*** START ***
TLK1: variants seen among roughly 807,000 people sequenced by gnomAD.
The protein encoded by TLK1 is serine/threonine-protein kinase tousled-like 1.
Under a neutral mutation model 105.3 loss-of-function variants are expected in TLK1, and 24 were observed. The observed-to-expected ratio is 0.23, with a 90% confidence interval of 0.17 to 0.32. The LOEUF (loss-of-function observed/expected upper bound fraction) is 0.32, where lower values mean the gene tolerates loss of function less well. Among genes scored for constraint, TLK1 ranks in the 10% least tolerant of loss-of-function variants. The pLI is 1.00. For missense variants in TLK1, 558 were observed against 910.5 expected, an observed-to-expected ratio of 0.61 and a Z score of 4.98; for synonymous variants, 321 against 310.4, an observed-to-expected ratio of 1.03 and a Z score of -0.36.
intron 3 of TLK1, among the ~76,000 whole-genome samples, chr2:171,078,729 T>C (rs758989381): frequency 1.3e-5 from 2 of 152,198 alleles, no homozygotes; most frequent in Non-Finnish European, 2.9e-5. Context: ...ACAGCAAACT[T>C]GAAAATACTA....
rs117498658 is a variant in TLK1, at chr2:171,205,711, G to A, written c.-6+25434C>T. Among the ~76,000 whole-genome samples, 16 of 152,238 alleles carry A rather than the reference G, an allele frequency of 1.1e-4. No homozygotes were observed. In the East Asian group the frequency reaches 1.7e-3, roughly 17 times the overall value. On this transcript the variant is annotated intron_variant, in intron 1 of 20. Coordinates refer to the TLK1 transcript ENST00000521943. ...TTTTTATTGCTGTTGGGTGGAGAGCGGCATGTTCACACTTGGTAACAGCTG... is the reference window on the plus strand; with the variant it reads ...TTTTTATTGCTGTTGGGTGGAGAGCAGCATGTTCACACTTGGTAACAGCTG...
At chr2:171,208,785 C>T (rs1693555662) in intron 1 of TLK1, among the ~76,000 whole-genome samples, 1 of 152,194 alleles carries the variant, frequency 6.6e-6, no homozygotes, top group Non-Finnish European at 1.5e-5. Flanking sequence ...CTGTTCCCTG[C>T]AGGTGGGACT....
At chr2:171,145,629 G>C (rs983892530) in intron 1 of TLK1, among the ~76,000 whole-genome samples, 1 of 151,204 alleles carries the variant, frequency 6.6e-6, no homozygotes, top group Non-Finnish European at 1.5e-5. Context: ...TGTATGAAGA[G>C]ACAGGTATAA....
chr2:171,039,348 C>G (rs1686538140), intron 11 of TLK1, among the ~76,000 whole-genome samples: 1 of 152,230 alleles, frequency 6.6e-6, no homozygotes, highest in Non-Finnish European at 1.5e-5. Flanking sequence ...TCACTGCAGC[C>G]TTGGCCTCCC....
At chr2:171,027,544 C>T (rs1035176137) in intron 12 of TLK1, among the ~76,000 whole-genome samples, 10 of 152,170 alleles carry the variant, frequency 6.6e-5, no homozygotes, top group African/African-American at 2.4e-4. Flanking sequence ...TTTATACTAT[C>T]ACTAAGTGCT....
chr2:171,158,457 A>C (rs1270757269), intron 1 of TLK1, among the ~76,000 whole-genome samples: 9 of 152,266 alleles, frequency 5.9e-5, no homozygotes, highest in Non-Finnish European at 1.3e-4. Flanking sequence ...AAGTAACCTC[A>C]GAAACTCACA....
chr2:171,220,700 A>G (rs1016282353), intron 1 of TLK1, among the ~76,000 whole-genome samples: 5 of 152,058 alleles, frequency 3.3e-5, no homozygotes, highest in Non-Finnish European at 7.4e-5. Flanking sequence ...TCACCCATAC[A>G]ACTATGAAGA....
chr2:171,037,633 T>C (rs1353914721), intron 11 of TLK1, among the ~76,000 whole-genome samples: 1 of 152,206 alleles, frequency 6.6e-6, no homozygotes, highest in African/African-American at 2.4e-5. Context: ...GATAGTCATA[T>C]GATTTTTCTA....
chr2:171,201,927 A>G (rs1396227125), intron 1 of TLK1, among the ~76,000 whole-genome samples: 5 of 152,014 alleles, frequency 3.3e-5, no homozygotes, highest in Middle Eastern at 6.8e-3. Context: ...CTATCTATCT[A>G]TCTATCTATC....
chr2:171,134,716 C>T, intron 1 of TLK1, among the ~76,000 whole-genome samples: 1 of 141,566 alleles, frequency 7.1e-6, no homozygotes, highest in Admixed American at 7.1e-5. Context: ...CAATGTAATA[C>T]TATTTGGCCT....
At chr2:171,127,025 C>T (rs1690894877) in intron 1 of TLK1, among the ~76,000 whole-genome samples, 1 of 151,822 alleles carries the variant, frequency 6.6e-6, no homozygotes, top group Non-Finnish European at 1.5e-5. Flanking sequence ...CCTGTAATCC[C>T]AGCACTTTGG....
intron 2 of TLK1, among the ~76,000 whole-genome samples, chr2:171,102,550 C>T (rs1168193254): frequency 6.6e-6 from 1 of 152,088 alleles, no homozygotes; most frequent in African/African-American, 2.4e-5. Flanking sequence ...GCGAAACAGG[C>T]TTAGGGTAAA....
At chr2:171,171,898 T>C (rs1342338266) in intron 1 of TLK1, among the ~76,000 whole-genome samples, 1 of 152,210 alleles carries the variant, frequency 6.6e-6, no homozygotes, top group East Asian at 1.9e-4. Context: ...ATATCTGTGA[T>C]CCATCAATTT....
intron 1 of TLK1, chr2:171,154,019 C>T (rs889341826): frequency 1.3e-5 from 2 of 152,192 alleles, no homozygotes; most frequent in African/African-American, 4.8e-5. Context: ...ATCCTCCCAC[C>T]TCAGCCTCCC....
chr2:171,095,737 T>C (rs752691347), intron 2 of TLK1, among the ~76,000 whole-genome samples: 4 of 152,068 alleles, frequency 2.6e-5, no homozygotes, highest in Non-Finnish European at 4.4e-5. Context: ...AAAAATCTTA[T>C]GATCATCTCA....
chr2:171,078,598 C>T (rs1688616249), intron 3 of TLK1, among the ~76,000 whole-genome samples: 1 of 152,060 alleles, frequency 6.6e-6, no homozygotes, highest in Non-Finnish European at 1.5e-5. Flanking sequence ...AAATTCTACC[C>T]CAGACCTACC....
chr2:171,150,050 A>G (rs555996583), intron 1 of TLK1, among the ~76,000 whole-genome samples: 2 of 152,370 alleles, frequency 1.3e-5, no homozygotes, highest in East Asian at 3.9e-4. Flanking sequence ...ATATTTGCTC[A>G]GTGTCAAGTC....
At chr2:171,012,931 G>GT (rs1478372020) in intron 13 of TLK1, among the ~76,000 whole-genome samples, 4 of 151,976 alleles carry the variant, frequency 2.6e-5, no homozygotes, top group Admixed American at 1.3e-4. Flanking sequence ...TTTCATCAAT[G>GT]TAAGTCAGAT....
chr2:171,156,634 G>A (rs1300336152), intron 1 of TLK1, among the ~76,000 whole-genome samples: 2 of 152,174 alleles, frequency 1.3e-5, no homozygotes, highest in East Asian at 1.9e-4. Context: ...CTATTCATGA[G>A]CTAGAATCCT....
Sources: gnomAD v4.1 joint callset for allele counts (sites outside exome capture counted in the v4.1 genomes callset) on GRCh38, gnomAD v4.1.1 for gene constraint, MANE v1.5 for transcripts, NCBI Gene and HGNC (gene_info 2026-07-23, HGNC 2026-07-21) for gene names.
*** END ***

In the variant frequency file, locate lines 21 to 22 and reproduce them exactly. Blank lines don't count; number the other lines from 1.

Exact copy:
chr2:171,150,050 A>G (rs555996583), intron 1 of TLK1, among the ~76,000 whole-genome samples: 2 of 152,370 alleles, frequency 1.3e-5, no homozygotes, highest in East Asian at 3.9e-4. Flanking sequence ...ATATTTGCTC[A>G]GTGTCAAGTC....
At chr2:171,012,931 G>GT (rs1478372020) in intron 13 of TLK1, among the ~76,000 whole-genome samples, 4 of 151,976 alleles carry the variant, frequency 2.6e-5, no homozygotes, top group Admixed American at 1.3e-4. Flanking sequence ...TTTCATCAAT[G>GT]TAAGTCAGAT....